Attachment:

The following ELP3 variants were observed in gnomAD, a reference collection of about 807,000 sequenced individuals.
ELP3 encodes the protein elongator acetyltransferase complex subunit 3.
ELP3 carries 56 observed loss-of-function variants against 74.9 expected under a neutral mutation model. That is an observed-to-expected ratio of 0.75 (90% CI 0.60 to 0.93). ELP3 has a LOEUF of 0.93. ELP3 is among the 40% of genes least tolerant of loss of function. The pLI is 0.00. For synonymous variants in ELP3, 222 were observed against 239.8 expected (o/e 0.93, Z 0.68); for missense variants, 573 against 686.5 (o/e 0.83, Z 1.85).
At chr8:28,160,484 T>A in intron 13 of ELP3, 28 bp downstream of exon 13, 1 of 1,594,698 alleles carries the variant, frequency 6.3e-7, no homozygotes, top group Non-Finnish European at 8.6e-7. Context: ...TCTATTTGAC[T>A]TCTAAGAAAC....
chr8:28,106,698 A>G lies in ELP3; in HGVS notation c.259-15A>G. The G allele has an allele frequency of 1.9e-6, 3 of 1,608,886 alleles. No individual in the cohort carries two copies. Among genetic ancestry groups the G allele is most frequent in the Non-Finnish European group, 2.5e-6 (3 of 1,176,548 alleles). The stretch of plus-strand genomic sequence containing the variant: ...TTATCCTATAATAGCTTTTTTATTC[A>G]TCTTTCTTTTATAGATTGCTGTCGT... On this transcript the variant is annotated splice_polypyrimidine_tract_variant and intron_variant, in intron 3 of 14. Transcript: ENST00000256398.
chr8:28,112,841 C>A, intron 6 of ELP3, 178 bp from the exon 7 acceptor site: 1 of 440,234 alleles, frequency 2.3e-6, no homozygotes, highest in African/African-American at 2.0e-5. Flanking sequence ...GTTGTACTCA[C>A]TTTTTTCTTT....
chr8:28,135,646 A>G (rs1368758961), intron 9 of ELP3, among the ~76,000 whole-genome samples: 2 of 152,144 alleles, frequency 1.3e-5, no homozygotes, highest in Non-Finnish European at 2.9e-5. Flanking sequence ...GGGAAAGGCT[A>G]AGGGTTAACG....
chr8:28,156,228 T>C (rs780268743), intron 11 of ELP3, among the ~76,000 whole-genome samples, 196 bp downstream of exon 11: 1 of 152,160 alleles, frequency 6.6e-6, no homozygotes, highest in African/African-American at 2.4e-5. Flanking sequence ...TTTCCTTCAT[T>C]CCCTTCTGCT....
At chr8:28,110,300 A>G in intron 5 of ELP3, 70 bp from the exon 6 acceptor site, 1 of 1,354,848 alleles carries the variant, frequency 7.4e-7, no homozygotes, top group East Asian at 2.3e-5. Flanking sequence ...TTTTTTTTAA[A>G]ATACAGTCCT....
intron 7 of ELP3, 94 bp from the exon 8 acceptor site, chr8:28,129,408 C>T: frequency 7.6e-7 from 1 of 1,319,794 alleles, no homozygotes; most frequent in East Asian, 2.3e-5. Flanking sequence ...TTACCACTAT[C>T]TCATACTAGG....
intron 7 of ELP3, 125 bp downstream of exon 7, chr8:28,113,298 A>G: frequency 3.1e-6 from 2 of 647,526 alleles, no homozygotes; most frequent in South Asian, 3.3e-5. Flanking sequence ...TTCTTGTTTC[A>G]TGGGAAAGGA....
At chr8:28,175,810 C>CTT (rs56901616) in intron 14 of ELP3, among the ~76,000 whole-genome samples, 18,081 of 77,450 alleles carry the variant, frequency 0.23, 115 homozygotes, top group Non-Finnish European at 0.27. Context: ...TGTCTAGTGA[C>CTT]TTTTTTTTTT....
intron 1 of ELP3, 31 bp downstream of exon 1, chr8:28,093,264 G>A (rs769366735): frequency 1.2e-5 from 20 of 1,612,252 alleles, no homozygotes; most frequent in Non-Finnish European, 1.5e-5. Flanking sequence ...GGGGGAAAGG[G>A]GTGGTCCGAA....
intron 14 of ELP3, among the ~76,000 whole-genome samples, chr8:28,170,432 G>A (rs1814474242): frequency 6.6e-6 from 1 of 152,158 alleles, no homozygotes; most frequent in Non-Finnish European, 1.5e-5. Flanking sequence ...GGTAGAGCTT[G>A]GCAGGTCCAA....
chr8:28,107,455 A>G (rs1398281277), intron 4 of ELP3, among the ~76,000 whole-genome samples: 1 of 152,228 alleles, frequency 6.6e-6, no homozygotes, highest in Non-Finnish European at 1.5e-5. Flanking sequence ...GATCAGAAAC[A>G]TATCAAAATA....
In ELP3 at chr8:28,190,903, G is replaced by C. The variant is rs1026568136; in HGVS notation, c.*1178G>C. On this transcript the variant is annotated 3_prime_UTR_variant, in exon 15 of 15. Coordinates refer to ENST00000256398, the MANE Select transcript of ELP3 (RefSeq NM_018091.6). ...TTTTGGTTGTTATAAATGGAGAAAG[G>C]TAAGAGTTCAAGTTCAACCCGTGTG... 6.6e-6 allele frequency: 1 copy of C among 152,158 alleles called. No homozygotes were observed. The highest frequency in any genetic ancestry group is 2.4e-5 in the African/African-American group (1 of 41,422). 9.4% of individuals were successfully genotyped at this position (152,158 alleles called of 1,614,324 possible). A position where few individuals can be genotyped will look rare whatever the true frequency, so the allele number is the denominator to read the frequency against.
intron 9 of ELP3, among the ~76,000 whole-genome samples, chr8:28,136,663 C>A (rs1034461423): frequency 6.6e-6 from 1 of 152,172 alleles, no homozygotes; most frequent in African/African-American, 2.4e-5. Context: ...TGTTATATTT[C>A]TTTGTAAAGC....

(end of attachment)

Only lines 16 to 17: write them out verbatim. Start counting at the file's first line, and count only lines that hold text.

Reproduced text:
In ELP3 at chr8:28,190,903, G is replaced by C. The variant is rs1026568136; in HGVS notation, c.*1178G>C. On this transcript the variant is annotated 3_prime_UTR_variant, in exon 15 of 15. Coordinates refer to ENST00000256398, the MANE Select transcript of ELP3 (RefSeq NM_018091.6). ...TTTTGGTTGTTATAAATGGAGAAAG[G>C]TAAGAGTTCAAGTTCAACCCGTGTG... 6.6e-6 allele frequency: 1 copy of C among 152,158 alleles called. No homozygotes were observed. The highest frequency in any genetic ancestry group is 2.4e-5 in the African/African-American group (1 of 41,422). 9.4% of individuals were successfully genotyped at this position (152,158 alleles called of 1,614,324 possible). A position where few individuals can be genotyped will look rare whatever the true frequency, so the allele number is the denominator to read the frequency against.
intron 9 of ELP3, among the ~76,000 whole-genome samples, chr8:28,136,663 C>A (rs1034461423): frequency 6.6e-6 from 1 of 152,172 alleles, no homozygotes; most frequent in African/African-American, 2.4e-5. Context: ...TGTTATATTT[C>A]TTTGTAAAGC....